The soul: Gratitude. Action. Write down three things for which you are grateful. Do this every day.
The mind. Calm the mind. Action. Sit zazen (or meditation of choice) for at least 5 minutes. Do this every day.
The body. Physical part of the Recipe. Action. Do at least one of the physical parts of the Recipe in its entirety or for at least five minutes. Do this every day.

If you can do more than this, then do it. If this is all you can do, then do it. Whatever part or parts of the Recipe you are doing, taking action to lay your strong foundation means doing it every day.

I have been asked in the past, “Did you really do the Recipe every day?” My response has been simple and consistent, “I don’t know about your Parkinson’s, but my Parkinson’s did not take a day off, so I did not take a day off.” However, I also stopped doing the physical part of the Recipe the day of my full recovery and have not done it since. The mind and soul parts became part of how I live my life.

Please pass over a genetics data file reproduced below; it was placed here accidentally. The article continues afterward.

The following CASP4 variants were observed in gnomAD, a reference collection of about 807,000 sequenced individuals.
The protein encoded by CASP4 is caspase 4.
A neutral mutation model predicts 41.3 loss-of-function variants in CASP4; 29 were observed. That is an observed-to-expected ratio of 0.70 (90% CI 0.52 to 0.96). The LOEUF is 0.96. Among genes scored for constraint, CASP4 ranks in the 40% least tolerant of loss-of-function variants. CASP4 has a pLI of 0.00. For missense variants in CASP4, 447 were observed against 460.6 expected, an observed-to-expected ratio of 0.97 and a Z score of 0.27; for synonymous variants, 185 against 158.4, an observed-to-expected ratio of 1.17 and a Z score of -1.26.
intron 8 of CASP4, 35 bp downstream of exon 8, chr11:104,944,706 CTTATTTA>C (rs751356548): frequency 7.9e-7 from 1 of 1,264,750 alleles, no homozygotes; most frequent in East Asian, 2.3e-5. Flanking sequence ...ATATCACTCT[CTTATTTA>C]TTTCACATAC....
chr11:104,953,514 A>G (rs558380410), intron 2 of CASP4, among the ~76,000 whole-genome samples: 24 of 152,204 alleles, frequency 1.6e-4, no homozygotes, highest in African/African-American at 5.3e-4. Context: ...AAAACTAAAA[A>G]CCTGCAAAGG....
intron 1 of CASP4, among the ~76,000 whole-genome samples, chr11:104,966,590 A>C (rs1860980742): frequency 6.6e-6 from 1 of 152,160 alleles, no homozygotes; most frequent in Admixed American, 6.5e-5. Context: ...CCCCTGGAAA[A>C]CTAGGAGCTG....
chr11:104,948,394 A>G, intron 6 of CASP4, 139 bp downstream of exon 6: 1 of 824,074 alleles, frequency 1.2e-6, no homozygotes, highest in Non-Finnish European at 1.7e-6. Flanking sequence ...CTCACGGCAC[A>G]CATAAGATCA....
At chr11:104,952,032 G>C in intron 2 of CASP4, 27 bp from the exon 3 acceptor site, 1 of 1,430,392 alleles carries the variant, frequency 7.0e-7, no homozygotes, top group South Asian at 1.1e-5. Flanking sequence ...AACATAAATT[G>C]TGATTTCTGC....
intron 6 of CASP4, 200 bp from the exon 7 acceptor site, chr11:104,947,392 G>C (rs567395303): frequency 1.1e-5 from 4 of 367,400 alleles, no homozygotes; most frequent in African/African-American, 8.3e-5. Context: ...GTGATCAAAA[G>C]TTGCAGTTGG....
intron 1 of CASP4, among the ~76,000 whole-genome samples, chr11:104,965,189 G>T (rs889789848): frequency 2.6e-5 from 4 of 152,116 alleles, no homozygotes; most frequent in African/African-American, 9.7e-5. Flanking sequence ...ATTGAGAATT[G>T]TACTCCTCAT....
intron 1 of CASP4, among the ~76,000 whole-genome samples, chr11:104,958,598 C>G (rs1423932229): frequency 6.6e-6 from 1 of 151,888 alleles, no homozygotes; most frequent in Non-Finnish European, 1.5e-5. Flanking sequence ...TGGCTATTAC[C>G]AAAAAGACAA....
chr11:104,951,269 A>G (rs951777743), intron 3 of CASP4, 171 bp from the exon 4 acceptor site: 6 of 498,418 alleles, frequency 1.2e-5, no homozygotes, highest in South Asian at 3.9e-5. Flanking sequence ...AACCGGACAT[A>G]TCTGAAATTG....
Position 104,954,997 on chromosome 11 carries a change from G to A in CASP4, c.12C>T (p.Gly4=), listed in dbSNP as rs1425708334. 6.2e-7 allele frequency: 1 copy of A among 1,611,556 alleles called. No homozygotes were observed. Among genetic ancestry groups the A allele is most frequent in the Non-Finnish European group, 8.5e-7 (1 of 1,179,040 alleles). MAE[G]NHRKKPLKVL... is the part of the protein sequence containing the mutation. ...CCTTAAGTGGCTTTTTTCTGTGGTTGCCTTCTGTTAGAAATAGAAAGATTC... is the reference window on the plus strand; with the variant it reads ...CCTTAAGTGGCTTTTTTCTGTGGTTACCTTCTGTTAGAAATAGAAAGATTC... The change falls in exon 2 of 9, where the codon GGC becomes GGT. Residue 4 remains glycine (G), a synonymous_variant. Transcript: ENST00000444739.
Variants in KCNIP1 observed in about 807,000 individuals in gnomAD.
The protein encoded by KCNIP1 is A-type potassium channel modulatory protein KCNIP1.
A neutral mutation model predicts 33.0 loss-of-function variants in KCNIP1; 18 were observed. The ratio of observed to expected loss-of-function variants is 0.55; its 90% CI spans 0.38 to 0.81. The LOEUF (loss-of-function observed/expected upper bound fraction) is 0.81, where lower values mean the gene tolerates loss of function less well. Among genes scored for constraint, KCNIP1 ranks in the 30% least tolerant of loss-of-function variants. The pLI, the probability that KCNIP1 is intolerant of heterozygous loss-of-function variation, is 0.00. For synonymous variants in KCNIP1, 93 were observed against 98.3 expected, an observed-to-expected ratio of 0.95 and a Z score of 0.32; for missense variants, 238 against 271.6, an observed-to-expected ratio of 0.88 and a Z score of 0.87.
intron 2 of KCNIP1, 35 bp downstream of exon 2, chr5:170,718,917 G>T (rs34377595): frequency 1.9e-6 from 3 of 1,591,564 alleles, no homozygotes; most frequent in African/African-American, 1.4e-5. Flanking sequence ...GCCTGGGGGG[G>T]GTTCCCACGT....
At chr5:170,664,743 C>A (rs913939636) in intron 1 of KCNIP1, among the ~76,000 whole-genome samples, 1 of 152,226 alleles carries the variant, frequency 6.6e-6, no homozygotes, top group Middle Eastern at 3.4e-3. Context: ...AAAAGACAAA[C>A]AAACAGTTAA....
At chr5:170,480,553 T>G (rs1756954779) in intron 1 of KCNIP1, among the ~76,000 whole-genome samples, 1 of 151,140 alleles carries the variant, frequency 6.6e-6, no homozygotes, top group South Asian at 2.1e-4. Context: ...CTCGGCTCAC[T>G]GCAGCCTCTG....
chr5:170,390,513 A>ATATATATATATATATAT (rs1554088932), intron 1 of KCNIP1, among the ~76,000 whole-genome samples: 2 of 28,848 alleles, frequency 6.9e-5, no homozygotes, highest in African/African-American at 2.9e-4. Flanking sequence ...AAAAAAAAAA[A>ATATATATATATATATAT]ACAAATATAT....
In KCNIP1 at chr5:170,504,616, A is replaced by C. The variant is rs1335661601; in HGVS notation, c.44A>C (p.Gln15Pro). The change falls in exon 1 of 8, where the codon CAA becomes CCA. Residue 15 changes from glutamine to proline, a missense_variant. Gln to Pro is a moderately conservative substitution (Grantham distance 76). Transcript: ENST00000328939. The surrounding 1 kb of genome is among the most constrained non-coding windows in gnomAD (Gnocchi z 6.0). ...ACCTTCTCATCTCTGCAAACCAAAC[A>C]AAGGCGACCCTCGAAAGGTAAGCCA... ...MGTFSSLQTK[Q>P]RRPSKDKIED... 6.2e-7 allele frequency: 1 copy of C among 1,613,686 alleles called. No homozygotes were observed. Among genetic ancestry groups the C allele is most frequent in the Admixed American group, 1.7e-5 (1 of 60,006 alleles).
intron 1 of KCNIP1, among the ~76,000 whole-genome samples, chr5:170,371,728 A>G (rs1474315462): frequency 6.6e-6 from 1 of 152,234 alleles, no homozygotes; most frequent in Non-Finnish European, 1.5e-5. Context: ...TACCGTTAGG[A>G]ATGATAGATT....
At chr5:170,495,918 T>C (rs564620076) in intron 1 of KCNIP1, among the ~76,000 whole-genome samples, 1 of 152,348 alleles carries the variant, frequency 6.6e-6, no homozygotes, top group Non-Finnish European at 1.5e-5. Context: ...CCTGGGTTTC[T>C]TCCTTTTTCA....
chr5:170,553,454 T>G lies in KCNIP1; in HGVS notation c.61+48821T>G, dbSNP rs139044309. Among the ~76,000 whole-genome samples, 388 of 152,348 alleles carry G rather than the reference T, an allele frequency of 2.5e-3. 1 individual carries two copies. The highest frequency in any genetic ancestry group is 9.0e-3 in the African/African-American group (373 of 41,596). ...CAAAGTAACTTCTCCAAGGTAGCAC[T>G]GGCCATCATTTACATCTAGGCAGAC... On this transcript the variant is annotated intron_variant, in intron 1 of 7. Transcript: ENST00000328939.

What are you doing, right here, right now? How about taking action and laying a strong foundation for your recovery!

You are worth it!!!

All my best,

Howard

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8 Responses to Fighting Parkinson’s, and having a strong foundation

  1. Lohren Christie says:

    Your comments relieved some stress for me because I tend to beat myself up for not doing all of the exercises! There is that critical parent voice in my head! I will bless it and let it go. Thanks Howard for the reminder – you are on my gratitude list.

    Love and blessings to everyone.

    Lohren

    • Howard says:

      Hi Lohren,

      Thank you for your comment and kind words. I feel that you hit the nail on the head of one of the biggest things that makes this recovery difficult:

      “There is that critical parent voice in my head!” As you say, “bless it and let it go.”

      Please know that our self-judgments and self-criticisms are somebody else’s words that we repeat against ourselves. They are not our judgments and criticisms, so we can put them down and walk away.

      Love and blessings,
      Howard

  2. Jan - UK says: